The Court of Justice has rendered a crucial decision on the jurisdiction of the Community design courts over European co-defendants and the national law applicable to the measures sought.
Nintendo holds various Community design rights for accessories for video game consoles, such as remote controls. It brought infringement proceedings in Germany against two companies: BigBen France, the parent company, and BigBen Germany, its subsidiary. BigBen France produces remote controls and sells them, on the one hand, on its website, directly to consumers in France and the Benelux and, on the other hand, to BigBen Germany, which in turn sells them in Germany and Austria. BigBen Germany does not hold products in stock; BigBen France is responsible for delivering all products ordered through BigBen Germany.
Nintendo sought an injunction against both co-defendants as well as other related measures (production of accounts, damages, recall and destruction, publication of the decision and reimbursement of legal fees). Nintendo asked that these measures extend, with regard to each co-defendant, to the entire territory of the EU.
The German court submitted a preliminary question to the Court of Justice regarding its jurisdiction to grant measures with pan-European effect with respect to the two co-defendants. It also wished to know which national law should be applied to the measures requested in relation to the injunction.
The Court’s answer to the question of jurisdiction is crystal clear. As from the time multiple European co-defendants are validly summoned before the court of the place where one of them is domiciled (due to the fact that the claims are so closely connected that it is expedient to hear and determine them together), this court has jurisdiction over all defendants and can rule on acts of infringement that have been committed or are threatened “on the territory of any Member State”; in other words, for the entire EU.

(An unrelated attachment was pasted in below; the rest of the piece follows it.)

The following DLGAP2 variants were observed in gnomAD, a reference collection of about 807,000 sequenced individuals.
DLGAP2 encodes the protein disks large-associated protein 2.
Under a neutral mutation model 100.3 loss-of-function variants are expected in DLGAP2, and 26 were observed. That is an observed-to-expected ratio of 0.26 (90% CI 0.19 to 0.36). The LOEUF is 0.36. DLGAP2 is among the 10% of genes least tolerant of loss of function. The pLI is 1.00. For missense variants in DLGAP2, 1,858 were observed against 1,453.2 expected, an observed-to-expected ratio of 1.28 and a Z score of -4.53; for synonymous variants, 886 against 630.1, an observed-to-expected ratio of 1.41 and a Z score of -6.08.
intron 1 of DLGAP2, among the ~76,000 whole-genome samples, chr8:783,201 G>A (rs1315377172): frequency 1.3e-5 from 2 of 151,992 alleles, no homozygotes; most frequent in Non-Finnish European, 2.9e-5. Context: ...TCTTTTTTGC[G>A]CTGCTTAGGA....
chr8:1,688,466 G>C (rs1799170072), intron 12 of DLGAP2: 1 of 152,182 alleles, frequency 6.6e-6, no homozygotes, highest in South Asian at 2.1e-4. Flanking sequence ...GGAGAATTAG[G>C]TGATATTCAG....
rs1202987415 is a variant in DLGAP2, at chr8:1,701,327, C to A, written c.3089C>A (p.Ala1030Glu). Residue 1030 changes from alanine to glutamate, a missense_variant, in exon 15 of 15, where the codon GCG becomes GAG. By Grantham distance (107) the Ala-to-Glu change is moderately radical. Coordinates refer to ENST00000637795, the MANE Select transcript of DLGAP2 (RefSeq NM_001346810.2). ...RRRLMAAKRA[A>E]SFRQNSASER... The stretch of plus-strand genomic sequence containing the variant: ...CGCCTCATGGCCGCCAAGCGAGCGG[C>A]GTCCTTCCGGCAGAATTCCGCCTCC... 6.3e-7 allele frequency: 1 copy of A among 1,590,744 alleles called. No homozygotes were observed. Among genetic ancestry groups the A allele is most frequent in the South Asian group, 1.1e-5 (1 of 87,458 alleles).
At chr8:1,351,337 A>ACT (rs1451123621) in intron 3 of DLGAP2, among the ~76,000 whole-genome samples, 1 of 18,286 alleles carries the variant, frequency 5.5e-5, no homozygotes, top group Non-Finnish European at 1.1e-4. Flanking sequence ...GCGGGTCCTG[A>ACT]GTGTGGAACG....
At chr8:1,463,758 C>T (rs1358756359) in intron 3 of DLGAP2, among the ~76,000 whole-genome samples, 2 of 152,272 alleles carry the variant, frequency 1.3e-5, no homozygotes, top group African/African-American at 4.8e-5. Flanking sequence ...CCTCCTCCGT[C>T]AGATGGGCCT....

The German court thus has jurisdiction to order all measures sanctioning the acts of infringement committed by the French and German companies.
To sanction the infringement of a Community design, the Community Design Regulation (CDR) provides, on the one hand, for measures prohibiting infringing acts and seizure but refers, on the other hand, to “national law” for all other related measures. The question thus arises as to which national law applies to these related measures when a defendant infringes a Community design at different places in the European Union.
The Court answered that, under these circumstances, Article 8.2 of Regulation No 864/2007 (“Rome II”) should be applied and therefore that the applicable law, for any question not governed by the CDR, is that of the country in which the act of infringement was committed.
To identify the country in which the act of infringement was committed, reference should not be made to each alleged act of infringement but rather it is necessary to carry out an “overall assessment of that defendant’s conduct in order to determine the place where the initial act of infringement at the origin of that conduct was committed or threatened” (paras. 103 and 109). The court may also use “a single connecting factor linked to the place where the act of infringement at the origin of several acts alleged against a defendant was committed or threatened” (para. 104).
When an operator offers allegedly infringing products for sale online, the place where the event giving rise to the damage occurs is “the place where the process of putting the offer for sale online by that operator on its website was activated” (para. 108).
The holding of this decision in relation to Community designs can certainly be extended by analogy to European trade marks. The Court itself emphasises the “similarity of the [relevant] provisions” in the CDR and the EUTMR (para 54).
This decision further contributes to ensuring uniform protection of unitary IP rights. This holds true both for the question of jurisdiction over all co-defendants and determination of the law applicable to measures related to a pan-European injunction.